Cons: other than some additional disk space used, none since it is only used if there is a problem.

Configuration: this cache’s settings are controlled via variables set in the xdasconfig.properties file.

– log4j.appender.S.CacheEnabled

Enables the XDAS Cache for storing XDAS events locally.

– log4j.appender.S.CacheDir

Optionally specifies the directory to use (/var/opt/novell/eDirectory)

log4j.appender.S.CacheMaxFileSize

Specifies the maximum file size. Values can be from 50MB to 4GB. The default is 512MB.


These cachemethodscan be used together. Consider the following scenario.

a. An XDAS audit event for a login is thrown but its reporting to the consumer is delayed behind other earlier events. The event gets written to the Journal Event Cache.

b. The Journal thread comes along and releases this event from the Journal Cache.

c. The configured remote audit server cannot be contacted. The event goes into the XDAS Cache.

d. The remote server is brought online again. The event is released from the XDAS cache and sent to a remote syslog appender.

More information can be found in the eDirectory Admin Guide found here: https://www.netiq.com/documentation/


CEF Cache

As with XDAS this cache is implemented in the audit layer and is ONLY used when:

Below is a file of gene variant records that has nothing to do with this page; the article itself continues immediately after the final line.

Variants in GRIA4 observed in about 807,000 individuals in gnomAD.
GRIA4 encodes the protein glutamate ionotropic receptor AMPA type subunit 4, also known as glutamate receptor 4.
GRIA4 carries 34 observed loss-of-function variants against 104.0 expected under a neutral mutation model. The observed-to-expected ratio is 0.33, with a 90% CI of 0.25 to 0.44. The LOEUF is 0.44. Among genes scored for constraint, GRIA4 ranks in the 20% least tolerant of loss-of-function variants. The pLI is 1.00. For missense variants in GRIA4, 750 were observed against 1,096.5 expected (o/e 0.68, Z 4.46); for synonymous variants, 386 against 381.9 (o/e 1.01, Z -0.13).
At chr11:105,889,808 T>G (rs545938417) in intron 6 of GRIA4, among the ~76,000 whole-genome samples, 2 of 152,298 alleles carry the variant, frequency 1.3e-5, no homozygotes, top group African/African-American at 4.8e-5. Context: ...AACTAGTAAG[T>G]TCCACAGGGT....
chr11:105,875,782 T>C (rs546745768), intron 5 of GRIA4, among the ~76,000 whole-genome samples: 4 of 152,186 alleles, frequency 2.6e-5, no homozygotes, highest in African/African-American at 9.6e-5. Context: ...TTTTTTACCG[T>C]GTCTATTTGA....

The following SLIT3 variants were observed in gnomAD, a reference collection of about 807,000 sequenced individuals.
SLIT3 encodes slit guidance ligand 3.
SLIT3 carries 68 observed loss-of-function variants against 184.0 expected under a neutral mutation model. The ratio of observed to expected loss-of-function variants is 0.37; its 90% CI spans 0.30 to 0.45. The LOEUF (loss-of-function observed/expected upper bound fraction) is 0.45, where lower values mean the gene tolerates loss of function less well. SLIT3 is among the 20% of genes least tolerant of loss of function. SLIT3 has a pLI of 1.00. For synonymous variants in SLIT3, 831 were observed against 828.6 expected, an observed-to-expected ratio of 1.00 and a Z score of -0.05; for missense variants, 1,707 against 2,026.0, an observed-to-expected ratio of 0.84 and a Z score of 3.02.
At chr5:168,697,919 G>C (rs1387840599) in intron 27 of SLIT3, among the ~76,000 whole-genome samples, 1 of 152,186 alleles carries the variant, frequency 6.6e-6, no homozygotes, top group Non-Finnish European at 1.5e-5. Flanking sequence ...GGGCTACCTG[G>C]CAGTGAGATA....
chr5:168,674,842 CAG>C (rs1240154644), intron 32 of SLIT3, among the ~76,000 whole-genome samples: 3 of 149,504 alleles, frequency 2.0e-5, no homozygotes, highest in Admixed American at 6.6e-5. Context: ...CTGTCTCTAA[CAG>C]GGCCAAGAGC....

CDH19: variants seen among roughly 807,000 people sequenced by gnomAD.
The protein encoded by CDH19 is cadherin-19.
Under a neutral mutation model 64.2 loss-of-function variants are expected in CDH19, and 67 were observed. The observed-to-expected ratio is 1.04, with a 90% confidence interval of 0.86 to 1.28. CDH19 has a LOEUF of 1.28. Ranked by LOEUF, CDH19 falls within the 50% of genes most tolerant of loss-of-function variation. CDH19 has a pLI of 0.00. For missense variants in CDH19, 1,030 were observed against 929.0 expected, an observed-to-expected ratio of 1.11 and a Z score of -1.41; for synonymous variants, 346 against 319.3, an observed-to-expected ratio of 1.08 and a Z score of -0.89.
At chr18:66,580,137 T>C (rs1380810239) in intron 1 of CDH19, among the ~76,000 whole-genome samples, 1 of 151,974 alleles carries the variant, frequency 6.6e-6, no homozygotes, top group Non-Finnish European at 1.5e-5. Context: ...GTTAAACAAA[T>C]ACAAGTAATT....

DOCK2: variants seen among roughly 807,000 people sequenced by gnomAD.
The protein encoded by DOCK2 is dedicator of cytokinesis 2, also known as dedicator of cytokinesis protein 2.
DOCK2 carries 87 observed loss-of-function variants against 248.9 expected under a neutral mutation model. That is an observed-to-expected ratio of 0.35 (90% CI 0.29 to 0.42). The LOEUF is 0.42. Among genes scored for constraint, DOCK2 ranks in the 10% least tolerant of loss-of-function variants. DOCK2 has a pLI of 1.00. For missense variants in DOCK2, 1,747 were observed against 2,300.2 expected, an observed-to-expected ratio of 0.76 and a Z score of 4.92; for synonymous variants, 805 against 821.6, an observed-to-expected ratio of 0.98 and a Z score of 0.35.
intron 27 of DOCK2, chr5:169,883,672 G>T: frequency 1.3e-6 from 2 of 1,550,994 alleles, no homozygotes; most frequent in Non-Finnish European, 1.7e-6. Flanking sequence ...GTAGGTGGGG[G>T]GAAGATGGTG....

1. CEF specific events are ready to be sent to a remote auditing server.

AND

2. The remote server cannot be reached.
The auditlogconfig.properties file should be modified to change the log4j.appender.S.CacheEnabled property to a value of ‘yes’. It is also suggested to specify a value for ‘log4j.appender.S.CacheDir’. Setting this as well as eDirectory
s RFL directory to a a drive other than that occupied by the dib can both boost performance.

More information can be found in eDirectory’s Admin Guide under ‘Auditing with CEF’ – ‘Enabling CEF event caching’.

Related:

7023501: Mobility Service error: Cannot connect to GroupWise administration to veify license.

1. Stop GMS service and go into /var/lib/datasync/mobility directory -> delete from there gwadmin_ca.pem file.

2. On a GW server running your primary, stop gwadminservice.

3. Go into /opt/Novell/GroupWise/certificates. There will be a system GUID directory -> rename it into old or delete it.

4. From a terminal, generate new system directory by:

gwadminutil ca -d /<path to primary> -g -f

5. Start gwadminservice again.